December 18:  Romance at Short Notice Day

Today is the birthday of Scottish writer Hector Hugh Munro (1870-1916), better known by the pen name Saki.  Munro was born in British Burma, where his father was an Inspector General for the Indian Imperial Police. Munro later served in the Burma police force himself, but he was forced to resign after he contracted malaria.  Near the end of his life, Munro joined the British Army and served in World War I.  He was killed in 1916, shot by a German sniper in France during the Battle of the Ancre.

Hector Hugh Munro aka Saki, by E O Hoppe, 1913.jpgMunro’s writing career began as a journalist in England, but he is best known for his carefully crafted short stories.  The stories often satirized social conventions and frequently featured surprise endings.  Saki’s stories are often compared to the those of American writer O’Henry (1862-1910), which also feature endings with a surprising twist (1).

One particularly brilliant story by Saki is called “The Open Window.”  The story features a character named Framton Nuttel, who is visiting the country in hopes of finding relief for his nervous condition.  Nuttel, with letters of introduction from his sister in hand, visits the home of Mrs. Sappleton.  While waiting for Mrs. Sappleton to come down, Nuttel talks with Sappleton’s niece, a precocious fifteen-year old named Vera.  In the room where the two characters are sitting, a French window is kept open, despite the fact that it’s October.  Vera explains to Nuttel that the door is left open because Mrs. Sappleton is under the delusion that her husband and her brothers will return from hunting, despite the fact that the three men died three years ago, sinking into “a treacherous piece of bog.”

When Mrs. Sappleton arrives in the room and begins talking about the imminent return of her husband and brothers, Nuttel listens politely, but based on Vera’s explanation, he perceives his hostess as deranged.

When Mrs. Sappleton announces the return of the hunters, Nuttel turns and sees three men approaching the French doors accompanied by their hunting dog.  Thinking he is seeing ghosts, Nuttel leaps up, fleeing the house in horror.   At this point in the story, the reader realizes that Vera made up the story of the hunting tragedy simply to entertain herself.  Next, instead of explaining the trick she played on Nuttel to her aunt, she spins another tale to explain Nuttel’s odd behavior, saying that Nuttel was spooked by the dog:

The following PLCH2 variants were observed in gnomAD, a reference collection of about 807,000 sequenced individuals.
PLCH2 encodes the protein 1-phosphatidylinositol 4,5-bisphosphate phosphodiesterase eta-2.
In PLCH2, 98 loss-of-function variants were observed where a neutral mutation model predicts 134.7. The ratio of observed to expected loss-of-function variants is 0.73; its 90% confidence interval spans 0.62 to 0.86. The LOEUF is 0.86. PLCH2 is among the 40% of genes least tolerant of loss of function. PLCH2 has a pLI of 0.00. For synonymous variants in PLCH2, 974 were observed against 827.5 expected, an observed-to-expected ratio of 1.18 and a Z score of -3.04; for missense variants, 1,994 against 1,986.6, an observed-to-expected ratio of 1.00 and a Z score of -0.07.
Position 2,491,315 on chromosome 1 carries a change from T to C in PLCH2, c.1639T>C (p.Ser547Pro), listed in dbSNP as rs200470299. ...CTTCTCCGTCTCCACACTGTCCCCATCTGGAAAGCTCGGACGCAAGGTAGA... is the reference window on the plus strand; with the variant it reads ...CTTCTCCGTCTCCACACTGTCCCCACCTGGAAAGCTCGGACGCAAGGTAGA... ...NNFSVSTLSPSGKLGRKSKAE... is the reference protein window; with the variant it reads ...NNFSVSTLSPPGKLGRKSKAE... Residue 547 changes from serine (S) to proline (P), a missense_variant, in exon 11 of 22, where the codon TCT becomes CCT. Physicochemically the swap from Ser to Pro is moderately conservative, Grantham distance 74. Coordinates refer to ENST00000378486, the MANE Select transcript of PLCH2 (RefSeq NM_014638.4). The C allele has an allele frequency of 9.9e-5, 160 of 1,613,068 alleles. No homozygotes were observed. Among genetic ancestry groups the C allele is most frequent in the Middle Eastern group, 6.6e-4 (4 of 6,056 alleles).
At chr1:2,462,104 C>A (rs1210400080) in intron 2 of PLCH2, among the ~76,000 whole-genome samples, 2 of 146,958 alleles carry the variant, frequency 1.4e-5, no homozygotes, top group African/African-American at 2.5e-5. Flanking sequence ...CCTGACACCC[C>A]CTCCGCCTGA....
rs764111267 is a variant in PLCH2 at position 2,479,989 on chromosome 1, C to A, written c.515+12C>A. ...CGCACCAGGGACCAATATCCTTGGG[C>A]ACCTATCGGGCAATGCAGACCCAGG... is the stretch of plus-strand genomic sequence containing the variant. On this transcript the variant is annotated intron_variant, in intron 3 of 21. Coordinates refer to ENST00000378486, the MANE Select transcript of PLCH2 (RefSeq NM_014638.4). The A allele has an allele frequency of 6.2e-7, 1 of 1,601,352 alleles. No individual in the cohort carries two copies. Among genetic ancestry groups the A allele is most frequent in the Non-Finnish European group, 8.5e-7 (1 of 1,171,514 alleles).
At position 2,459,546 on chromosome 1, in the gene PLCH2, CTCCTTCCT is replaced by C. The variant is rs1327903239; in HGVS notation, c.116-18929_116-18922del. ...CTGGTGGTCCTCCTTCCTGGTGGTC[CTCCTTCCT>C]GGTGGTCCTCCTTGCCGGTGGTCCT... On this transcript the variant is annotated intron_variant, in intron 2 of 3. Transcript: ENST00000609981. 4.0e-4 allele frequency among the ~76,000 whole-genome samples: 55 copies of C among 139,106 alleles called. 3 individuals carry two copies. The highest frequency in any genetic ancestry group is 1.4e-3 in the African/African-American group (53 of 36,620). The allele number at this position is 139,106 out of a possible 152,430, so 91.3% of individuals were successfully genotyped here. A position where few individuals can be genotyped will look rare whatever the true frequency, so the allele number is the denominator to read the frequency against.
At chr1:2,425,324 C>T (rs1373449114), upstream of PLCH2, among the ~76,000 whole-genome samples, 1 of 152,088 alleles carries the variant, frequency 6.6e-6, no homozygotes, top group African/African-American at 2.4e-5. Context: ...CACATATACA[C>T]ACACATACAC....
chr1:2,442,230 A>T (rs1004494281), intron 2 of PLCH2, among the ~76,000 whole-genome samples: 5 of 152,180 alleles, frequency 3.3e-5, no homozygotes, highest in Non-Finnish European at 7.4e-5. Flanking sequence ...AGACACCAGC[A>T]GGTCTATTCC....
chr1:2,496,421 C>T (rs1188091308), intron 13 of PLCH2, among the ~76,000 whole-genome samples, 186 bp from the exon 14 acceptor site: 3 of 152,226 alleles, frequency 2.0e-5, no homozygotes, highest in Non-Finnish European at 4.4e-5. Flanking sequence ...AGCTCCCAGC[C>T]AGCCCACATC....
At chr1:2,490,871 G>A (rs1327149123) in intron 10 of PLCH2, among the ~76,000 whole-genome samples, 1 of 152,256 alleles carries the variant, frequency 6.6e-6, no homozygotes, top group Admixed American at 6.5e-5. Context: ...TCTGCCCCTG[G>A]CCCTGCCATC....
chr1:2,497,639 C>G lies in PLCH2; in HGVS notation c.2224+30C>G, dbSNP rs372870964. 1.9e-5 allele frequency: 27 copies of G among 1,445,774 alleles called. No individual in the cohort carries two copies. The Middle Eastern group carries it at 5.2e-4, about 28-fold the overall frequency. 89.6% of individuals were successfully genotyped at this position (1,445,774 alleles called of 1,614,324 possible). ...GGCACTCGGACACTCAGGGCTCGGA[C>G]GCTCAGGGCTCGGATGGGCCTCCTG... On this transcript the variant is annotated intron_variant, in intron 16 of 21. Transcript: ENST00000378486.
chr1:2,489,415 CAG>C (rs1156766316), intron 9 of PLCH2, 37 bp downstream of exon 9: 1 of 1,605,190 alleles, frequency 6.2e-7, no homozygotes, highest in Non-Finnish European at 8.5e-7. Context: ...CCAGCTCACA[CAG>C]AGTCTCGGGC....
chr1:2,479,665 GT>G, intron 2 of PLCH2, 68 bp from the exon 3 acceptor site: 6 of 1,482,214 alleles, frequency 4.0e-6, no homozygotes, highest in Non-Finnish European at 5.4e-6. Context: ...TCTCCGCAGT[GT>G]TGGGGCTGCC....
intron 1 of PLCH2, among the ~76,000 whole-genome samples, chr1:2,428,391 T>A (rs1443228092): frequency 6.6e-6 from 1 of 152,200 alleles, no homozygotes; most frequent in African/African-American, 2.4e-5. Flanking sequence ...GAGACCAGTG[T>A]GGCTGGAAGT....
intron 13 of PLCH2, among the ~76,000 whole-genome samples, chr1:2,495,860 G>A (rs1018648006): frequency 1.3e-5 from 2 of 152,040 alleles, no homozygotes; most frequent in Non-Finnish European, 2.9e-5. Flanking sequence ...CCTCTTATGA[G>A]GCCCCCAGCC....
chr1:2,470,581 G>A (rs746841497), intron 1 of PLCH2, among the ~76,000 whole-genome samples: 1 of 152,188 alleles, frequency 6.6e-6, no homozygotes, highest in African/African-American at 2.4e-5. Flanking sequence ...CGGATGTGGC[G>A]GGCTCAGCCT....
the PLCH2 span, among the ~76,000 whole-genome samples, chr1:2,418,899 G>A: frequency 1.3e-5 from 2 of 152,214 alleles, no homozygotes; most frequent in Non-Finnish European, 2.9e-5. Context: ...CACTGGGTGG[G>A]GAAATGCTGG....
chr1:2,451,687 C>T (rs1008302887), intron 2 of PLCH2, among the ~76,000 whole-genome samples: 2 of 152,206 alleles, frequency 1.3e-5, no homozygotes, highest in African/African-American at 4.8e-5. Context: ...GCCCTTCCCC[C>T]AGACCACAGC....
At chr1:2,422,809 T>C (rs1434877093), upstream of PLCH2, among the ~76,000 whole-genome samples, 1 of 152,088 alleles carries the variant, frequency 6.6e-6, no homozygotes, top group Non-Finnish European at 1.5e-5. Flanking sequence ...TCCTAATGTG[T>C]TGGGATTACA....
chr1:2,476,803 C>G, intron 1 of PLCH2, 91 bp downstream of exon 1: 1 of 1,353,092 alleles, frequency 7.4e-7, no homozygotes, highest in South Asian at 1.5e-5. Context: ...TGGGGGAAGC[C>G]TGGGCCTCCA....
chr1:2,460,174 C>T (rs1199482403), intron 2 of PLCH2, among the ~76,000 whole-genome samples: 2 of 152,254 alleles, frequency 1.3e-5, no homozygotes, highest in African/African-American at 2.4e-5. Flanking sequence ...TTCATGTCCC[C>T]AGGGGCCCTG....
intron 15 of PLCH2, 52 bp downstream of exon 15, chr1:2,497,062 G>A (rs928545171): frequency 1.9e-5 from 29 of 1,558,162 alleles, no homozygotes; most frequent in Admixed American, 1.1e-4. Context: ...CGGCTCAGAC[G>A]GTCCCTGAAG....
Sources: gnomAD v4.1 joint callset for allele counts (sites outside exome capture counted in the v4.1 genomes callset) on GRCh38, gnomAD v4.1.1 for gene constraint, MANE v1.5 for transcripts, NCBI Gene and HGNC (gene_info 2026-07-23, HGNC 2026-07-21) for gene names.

He was once hunted into a cemetery somewhere on the banks of the Ganges by a pack of pariah dogs, and had to spend the night in a newly dug grave with the creatures snarling and grinning and foaming just above him.  

The final line sums up Vera’s propensity for flash fiction:  “Romance at short notice was her speciality” (2).

The meaning of the word “romance” in the context in which Saki uses it does not mean romantic love.  Instead, in this context, romance relates to the long tradition of Medieval Romances, imaginative and extravagant stories of the adventures of heroic characters.  Therefore, if he were writing today, Saki probably would have written:  “Imagination at short notice was her speciality.”  

Today’s Challenge:  Short Notice, Short Fiction

What is something odd that a character might wear or carry, and why would the character wear or carry it?  Practice using your imagination at short notice.  Pick a number at random, from 1 to 7.  Then write the opening of a short story in which you, the narrator, give the backstory of why the character wears or carries the odd item.  Give the character a name, and also establish the setting of your story.

  1. A character who wears a Santa hat in May
  2. A character who wears a toga in January
  3. A character who wears earmuffs in July
  4. A character who always carries a rubber chicken